By Reuven Fenton and Mark Lungariello
The elderly parents of the FDNY lieutenant stabbed to death in an unprovoked Queens attack bashed surging violence in the city Friday, saying “it’s not stopping” and is “costing people their lives.”
Paramedic Alison Russo-Elling, 61, phoned her mother and father daily to check in on them but didn’t get the chance Thursday – when a madman fatally stabbed her 19 times in Astoria, grieving mom Catherine Fuoco, 85, told The Post.
“Every day she called. Yesterday, she didn’t call,” Fuoco said, with her husband Frank, 87, sitting behind her in a wheelchair in the couple’s Commack, LI, home.
“It’s a terrible, terrible thing that had to happen to her, and it’s not stopping, that’s the bad part,” Fuoco said of crime.
“It’s continuing, and it’s costing people their lives. It seems there’s no escaping it.”
“People who work in the city don’t want to go into the city anymore because of what’s happening, not only on the subways [but] on the streets,” she added. “They’re groping women. There are naked men. They’re doing all kinds of dastardly deeds.”
NYPD statistics showed weekly spikes throughout the summer in almost every category of major crime in the city except murders and rapes when compared to the same period last year.
Critics have largely blamed the mayhem on the state’s controversial bail-reform laws, saying they create a revolving door of justice that dumps violent criminals back on the streets.
Russo-Elling was a 25-year-veteran of the FDNY who was among the responders to the World Trade Center after the Sept. 11, 2001 terrorist attacks. She could have retired but chose not to, even though she had some run-ins over the years, her mom said.
“She was even debating whether or not to retire next year because she was so dedicated. She loved her work,” Fuoco said.
“She loved it from the day she started. She’s been spit on. She’s been punched. She’s been bitten by people who have HIV. She had to go through all the testings. It’s not an easy job when you’re out there in the trenches because you don’t know who you’re dealing with. And then this guy — he came up behind her.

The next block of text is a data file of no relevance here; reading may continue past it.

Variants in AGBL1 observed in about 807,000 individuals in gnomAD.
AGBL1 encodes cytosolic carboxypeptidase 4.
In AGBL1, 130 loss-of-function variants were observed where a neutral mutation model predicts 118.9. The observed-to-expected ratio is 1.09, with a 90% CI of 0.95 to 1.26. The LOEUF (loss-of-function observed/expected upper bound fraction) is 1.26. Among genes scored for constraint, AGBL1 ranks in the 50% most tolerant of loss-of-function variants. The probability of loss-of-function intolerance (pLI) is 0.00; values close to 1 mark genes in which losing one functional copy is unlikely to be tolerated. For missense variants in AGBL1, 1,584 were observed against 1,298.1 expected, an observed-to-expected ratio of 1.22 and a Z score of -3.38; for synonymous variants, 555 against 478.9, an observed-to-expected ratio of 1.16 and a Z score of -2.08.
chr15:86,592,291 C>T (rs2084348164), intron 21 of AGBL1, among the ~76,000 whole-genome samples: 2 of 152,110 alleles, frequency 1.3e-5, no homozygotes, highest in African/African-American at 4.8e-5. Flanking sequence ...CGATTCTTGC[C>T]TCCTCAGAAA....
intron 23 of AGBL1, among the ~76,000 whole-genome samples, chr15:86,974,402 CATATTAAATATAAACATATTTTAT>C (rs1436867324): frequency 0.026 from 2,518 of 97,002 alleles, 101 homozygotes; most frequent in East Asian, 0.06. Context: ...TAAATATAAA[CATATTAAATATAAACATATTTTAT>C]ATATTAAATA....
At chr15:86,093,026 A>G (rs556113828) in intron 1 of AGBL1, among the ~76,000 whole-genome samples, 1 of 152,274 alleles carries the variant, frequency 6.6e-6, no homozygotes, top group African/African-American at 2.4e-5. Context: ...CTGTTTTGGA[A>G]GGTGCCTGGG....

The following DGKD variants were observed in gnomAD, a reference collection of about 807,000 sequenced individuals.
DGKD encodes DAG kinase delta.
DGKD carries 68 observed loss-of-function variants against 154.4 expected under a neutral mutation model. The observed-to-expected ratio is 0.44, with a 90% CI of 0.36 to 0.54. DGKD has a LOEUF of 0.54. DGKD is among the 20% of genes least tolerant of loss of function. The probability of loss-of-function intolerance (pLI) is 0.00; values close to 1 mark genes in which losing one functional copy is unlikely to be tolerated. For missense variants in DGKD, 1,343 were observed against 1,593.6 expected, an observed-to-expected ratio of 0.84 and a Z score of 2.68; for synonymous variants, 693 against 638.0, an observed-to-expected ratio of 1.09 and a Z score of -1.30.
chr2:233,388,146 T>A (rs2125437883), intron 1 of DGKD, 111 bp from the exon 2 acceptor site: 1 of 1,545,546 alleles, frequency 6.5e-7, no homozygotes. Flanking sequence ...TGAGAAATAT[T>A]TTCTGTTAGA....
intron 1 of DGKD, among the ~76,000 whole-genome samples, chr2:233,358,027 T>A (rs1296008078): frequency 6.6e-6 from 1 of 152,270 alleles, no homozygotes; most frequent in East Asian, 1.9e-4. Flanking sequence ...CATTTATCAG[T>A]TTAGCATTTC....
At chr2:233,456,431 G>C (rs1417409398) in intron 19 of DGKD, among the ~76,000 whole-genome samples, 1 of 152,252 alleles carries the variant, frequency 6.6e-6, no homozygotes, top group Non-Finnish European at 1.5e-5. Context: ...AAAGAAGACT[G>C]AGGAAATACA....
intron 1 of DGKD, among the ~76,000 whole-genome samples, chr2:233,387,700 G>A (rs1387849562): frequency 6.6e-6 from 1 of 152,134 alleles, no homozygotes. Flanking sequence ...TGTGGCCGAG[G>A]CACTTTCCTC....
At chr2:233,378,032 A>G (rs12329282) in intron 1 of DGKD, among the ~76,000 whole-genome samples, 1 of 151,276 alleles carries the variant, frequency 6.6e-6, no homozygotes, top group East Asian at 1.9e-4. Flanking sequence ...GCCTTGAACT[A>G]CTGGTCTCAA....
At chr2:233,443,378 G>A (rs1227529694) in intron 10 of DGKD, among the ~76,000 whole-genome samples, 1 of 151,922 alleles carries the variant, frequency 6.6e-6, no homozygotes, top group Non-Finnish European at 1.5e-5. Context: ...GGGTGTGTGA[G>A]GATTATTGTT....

“She was at the wrong place at the wrong time,” the mom said.
“This was a girl who saved other people’s lives, only for her to be taken from us like this.”
Scores of uniformed service members lined the street outside the Medical Examiner’s Office in Manhattan on Friday, standing in grim salute as the victim’s body was taken away.
Cops say Peter Zisopoulos, 34, randomly followed Russo-Elling on the street, slammed her to the ground and then repeatedly stabbed her on 20th Avenue and 41st Street at 2:30 p.m. Thursday.
The victim – affectionately called “mother of the station” by her coworkers at Astoria Station 49 — had been going to the store and grabbing a bite to eat when she was killed.
Zisopoulos is now facing murder and weapons possession charges, cops said.
“She meant everything to us. She was well-liked by everyone,” Fuoco said, her voice cracking with emotion. “She will be missed terribly.”
Russo-Elling’s father noted how caring their daughter was.
“She was worried about us,” he said.
Gov. Kathy Hochul’s did not respond to a Post request for comment on the victim’s parents’ concerns about crime but noted that flags on state buildings would fly at half-staff till after Russo-Elling’s funeral.
“Our hearts are with her family as we honor her life and remember her as a hero. I know all New Yorkers are grateful for her service over more than two decades with FDNY and as a World Trade Center first responder,” Hochul said in a statement.
Meanwhile, hundreds of FDNY members attended a bunting ceremony at Station 49 Friday to memorialize Russo-Elling, with many of her coworkers seen breaking into tears and sharing hugs in their grief.
-Additional reporting by Zach Williams